WASHINGTON — Verizon customers will see higher cell phone bills for the first time in several years, according to several reports about the service provider's plans.
According to reports from The Verge, Yahoo and other outlets, Verizon started notifying customers about the upcoming rate hike on Monday.
The increase in administrative fees will apply to postpaid customers (anybody with a monthly bill). It will reportedly be a jump of $1.35, bringing the total admin fee to $3.30 per line.
Some good news though, the fee seems to only apply to voice lines, like those for cell phones. Data-only plans like those used for tablets won't be changed.
A spokesperson for Verizon said in an email to The Verge that the fee was being adjusted to account for the costs of government regulation and running the business.
"From time to time, we review and make adjustments to fees to defray some of Verizon’s administrative and telco expenses and costs of complying with regulatory requirements," spokesperson Adria Tomaszewski told the news site. "To that end, Verizon Consumer will implement a change beginning in June."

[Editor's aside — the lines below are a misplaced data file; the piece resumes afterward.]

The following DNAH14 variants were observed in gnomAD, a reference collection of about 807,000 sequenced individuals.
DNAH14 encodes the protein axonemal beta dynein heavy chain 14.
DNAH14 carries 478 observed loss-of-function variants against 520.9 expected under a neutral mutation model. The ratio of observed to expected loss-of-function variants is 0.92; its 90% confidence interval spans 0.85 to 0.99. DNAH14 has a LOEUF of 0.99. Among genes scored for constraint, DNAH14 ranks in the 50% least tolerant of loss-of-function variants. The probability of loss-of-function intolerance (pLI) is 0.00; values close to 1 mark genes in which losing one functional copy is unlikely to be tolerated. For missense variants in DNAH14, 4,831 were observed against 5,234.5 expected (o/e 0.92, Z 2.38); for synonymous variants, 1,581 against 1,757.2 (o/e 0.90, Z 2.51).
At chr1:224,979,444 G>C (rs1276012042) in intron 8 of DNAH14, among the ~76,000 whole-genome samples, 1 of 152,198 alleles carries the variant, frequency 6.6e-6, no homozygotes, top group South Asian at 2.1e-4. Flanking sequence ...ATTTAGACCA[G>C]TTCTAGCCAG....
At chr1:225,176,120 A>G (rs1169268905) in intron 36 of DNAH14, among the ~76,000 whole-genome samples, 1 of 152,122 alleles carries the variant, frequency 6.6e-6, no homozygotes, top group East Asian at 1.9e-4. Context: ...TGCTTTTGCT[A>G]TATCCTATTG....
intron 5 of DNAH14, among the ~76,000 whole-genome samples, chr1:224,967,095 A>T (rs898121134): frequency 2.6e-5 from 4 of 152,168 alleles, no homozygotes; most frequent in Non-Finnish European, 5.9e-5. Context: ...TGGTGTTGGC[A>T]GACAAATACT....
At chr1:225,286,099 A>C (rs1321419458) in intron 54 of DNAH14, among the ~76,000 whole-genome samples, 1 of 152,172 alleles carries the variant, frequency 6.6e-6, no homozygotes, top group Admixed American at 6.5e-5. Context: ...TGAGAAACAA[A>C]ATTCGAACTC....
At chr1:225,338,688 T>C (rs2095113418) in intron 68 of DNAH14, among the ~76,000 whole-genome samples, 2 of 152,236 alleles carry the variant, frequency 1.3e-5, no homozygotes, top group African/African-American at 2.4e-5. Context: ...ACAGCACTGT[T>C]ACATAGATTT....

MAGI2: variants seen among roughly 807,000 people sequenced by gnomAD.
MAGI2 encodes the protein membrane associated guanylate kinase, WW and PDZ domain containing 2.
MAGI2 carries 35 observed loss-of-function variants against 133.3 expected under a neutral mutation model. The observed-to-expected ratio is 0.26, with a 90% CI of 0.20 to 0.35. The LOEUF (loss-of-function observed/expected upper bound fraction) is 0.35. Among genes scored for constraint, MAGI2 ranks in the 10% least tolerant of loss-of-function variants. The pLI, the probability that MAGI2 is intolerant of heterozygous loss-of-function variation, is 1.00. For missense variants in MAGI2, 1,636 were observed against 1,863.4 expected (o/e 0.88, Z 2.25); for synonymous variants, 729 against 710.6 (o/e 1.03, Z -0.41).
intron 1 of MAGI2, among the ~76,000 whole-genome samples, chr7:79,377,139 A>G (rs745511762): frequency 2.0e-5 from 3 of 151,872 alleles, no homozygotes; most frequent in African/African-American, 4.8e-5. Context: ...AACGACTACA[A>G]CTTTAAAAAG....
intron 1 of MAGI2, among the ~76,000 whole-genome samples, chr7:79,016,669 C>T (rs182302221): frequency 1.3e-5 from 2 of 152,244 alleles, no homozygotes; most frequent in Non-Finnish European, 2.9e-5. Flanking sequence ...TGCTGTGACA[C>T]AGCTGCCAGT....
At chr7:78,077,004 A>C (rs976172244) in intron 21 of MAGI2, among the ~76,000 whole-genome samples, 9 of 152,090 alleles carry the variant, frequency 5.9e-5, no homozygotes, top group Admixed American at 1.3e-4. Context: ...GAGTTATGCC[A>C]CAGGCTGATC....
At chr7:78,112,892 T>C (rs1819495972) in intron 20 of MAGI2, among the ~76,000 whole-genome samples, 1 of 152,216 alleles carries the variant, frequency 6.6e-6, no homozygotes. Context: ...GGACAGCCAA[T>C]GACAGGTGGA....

Even business accounts will take some extra hits to the pocketbook next month. Some business accounts will get a new "Economic Adjustment Charge" of $2.20 per line for each smartphone and data device in the account, plus a 98-cent charge for each basic phone or tablet.
According to Verizon, they're adding that fee because of the current economic issues facing the U.S., including rising inflation and the Fed's interest rate hikes aimed at slowing the inflation rate.
Despite strong growth in 2021, when Verizon's revenue jumped 4.1% to $133.6 billion, their Q1 earnings for 2022 had a 12.4% drop in net income, and the company said it expected growth to be on the lower end for the rest of the year.
Switching providers likely won't help much either. AT&T, one of the largest service providers along with Verizon, announced earlier this month it would raize prices by $6 for single-line plans and $12 for family plans.
AT&T is currently settling a class-action lawsuit in California to make sure it can continue charging these increased prices.